The existing corporations were placed in schedules. Schedule A contained the following ten places - Dublin, Belfast, Clonmel, Cork, Drogheda, Kilkenny, Limerick, Londonderry, Sligo, and Waterford - which were all continued as corporations under the title of mayor, aldermen, and burgesses. In Dublin, the title of lord mayor was retained. Schedule B contained 37 places, which were classed in two divisions, according to the amount of property they possessed. These were all dissolved, but the act provided that any of them which had a population of 3,000 might obtain a charter of incorporation, similar to the charters possessed by the ten boroughs in Schedule A. In some of the others, town commissioners had been established under George IY.; and in other towns, large enough to require such a body, similar arrangements were made for lighting, cleaning, and other such purposes. In 1853 commissioners were appointed under this act in 55 towns; but another statute, the Towns Improvement Act, was passed in 1854, which supersedes the operation of the act of George IV. in each town, after the first election of commissioners under the new act. The number of parliamentary boroughs is 33, which contain about 30,000 electors.

Fortunately, municipal reform in Scotland did not give much trouble. It was accomplished almost without any discussion or party contention. It was based upon the provisions of the Scotch reform bill, which settled the whole matter by the simple rule that the parliamentary, electors of every burgh should be the municipal electors; also that the larger burghs should be divided into wards, each of which should send two representatives to the town council, chosen by the qualified electors within their respective bounds; and that the provost and bailies, corresponding to the English mayor and aldermen, should be chosen by the councillors, and invested with the powers of magistrates in the burgh. The functionaries were to be elected for three years, and then to make way for others elected in the same manner to succeed them. They were invested with the control and administration of all corporate property and patronage of every description. " The experience of the working of this change," writes Sir Archibald Alison, " has yet been too short to admit of any safe conclusion being drawn as to its ultimate effects; but hitherto at least it has not promised much in the shape of real amendment. The old close system has been effectually abolished, and the political influence of the town councils, which was always considerable, often great, has been entirely thrown into the liberal scale; but beyond this, no material change for the better has taken place in the administration of the burgh affairs. The debates at the council boards of the great towns have been too often scenes of unseemly contention; the ambition of newly acquired power has evinced all the restlessness and grasping disposition which so often accompany it; many old abuses have stopped, but many new ones have been introduced. It was soon discovered that the vesting power in several thousand electors did not terminate the sway of cliques, but only caused them to be composed of different persons; and such were the sums often wasted in unprofitable litigation and legislation, that men came to regret the good old times, when a small part of the amount was squandered on the comparatively innocuous system of eating and drinking."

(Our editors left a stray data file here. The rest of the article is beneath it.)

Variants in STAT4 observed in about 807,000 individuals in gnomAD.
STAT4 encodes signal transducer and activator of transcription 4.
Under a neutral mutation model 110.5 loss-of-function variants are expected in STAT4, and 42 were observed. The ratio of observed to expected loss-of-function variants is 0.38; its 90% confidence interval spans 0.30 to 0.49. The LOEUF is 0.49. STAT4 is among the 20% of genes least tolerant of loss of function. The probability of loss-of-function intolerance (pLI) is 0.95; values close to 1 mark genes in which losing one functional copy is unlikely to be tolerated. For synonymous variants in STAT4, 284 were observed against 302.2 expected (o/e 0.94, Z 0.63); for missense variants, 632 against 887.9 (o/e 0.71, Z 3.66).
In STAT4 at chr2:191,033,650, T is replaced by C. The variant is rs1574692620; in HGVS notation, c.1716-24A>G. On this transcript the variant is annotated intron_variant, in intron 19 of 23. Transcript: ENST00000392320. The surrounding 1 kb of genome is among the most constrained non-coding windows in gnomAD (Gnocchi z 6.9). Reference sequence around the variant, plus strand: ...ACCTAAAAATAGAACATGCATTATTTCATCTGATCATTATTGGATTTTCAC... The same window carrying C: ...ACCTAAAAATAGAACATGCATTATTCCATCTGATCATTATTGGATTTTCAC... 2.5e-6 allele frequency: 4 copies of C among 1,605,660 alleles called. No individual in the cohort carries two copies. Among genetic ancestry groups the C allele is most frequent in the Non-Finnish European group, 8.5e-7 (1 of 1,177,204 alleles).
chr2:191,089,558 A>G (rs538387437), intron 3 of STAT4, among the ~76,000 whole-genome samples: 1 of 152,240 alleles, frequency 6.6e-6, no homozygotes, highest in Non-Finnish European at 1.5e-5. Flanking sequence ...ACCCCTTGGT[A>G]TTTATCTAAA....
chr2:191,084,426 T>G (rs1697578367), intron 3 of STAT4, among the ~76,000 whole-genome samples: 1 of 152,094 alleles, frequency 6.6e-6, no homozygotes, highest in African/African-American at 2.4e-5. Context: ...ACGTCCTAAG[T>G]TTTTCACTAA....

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Pictures for Chapter XXVII, of Cassells Illustrated History of England, Volume 7 page 5

Riot at Hawick.
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Lord Mulgrave